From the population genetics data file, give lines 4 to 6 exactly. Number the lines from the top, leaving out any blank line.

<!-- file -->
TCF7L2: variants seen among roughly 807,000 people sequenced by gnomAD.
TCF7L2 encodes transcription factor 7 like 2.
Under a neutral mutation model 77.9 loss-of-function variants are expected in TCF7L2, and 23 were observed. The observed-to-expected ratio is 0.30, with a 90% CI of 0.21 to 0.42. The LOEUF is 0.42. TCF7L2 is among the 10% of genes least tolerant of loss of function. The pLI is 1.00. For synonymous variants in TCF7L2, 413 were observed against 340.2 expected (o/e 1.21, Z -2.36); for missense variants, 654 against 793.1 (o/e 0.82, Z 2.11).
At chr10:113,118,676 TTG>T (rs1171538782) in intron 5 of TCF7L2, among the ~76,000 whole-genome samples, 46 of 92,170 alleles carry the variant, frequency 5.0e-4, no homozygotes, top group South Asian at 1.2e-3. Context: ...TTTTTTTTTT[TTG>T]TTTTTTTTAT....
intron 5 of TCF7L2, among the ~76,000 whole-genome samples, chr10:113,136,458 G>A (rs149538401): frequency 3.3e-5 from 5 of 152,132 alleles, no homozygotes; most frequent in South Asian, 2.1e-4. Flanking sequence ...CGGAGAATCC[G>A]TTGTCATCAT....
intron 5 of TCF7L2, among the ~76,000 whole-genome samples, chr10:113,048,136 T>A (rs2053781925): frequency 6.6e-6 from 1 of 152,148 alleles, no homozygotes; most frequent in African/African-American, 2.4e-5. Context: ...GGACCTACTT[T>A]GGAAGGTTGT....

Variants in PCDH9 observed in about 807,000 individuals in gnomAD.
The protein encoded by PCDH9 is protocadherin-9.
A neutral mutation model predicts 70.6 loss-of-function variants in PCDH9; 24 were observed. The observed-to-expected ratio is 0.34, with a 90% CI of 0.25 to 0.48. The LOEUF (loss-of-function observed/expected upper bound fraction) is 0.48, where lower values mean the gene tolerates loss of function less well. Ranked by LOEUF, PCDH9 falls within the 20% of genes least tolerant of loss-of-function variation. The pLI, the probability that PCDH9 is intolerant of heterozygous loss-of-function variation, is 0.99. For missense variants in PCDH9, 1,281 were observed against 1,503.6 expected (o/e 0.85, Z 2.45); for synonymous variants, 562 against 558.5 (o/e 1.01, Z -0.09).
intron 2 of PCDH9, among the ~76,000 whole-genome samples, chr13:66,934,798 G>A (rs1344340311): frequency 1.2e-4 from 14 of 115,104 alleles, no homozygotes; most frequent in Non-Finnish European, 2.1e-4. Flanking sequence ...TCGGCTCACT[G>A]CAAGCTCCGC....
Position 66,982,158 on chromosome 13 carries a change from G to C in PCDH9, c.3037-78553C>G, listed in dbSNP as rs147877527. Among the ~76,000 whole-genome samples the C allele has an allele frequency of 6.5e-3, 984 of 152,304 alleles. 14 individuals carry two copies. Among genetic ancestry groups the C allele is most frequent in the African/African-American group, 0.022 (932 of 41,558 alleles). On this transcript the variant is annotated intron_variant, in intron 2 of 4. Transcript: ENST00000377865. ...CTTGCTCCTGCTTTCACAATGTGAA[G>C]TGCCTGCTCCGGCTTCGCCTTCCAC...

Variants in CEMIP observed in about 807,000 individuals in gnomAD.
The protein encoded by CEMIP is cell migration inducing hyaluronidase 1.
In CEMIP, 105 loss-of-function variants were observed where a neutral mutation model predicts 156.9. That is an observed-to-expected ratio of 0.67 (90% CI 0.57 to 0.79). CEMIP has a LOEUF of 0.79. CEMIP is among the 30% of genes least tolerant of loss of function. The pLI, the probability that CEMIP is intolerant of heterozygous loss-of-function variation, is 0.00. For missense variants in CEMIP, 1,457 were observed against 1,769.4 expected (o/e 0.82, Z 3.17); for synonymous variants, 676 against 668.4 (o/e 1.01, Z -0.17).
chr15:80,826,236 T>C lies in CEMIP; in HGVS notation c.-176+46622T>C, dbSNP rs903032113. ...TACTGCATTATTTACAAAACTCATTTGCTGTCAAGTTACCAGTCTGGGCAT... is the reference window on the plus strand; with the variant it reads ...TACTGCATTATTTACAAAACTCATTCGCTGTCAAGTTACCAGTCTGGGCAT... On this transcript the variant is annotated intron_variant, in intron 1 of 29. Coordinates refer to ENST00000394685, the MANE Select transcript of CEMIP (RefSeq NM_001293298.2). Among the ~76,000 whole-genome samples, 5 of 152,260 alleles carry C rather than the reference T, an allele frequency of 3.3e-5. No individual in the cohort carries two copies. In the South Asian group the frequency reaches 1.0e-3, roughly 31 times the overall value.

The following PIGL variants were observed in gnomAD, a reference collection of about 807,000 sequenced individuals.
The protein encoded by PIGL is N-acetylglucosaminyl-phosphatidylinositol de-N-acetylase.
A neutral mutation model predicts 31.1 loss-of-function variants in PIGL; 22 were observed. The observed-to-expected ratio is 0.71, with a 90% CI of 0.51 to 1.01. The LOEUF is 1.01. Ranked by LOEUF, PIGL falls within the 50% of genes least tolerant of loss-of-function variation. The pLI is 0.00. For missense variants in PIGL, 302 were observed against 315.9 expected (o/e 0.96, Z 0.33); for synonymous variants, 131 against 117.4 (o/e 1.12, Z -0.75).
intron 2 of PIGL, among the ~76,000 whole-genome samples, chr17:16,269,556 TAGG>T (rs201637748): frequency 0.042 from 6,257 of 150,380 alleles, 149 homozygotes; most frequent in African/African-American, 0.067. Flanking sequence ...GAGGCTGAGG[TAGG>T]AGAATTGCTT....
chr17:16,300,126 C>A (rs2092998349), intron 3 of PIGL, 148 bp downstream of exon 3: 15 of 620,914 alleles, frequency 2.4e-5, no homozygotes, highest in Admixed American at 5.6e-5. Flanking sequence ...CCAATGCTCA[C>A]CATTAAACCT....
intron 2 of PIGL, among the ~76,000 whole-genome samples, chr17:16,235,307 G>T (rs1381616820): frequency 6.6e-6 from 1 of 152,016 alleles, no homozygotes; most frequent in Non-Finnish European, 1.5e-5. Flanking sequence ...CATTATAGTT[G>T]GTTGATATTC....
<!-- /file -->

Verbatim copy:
At chr10:113,118,676 TTG>T (rs1171538782) in intron 5 of TCF7L2, among the ~76,000 whole-genome samples, 46 of 92,170 alleles carry the variant, frequency 5.0e-4, no homozygotes, top group South Asian at 1.2e-3. Context: ...TTTTTTTTTT[TTG>T]TTTTTTTTAT....
intron 5 of TCF7L2, among the ~76,000 whole-genome samples, chr10:113,136,458 G>A (rs149538401): frequency 3.3e-5 from 5 of 152,132 alleles, no homozygotes; most frequent in South Asian, 2.1e-4. Flanking sequence ...CGGAGAATCC[G>A]TTGTCATCAT....
intron 5 of TCF7L2, among the ~76,000 whole-genome samples, chr10:113,048,136 T>A (rs2053781925): frequency 6.6e-6 from 1 of 152,148 alleles, no homozygotes; most frequent in African/African-American, 2.4e-5. Context: ...GGACCTACTT[T>A]GGAAGGTTGT....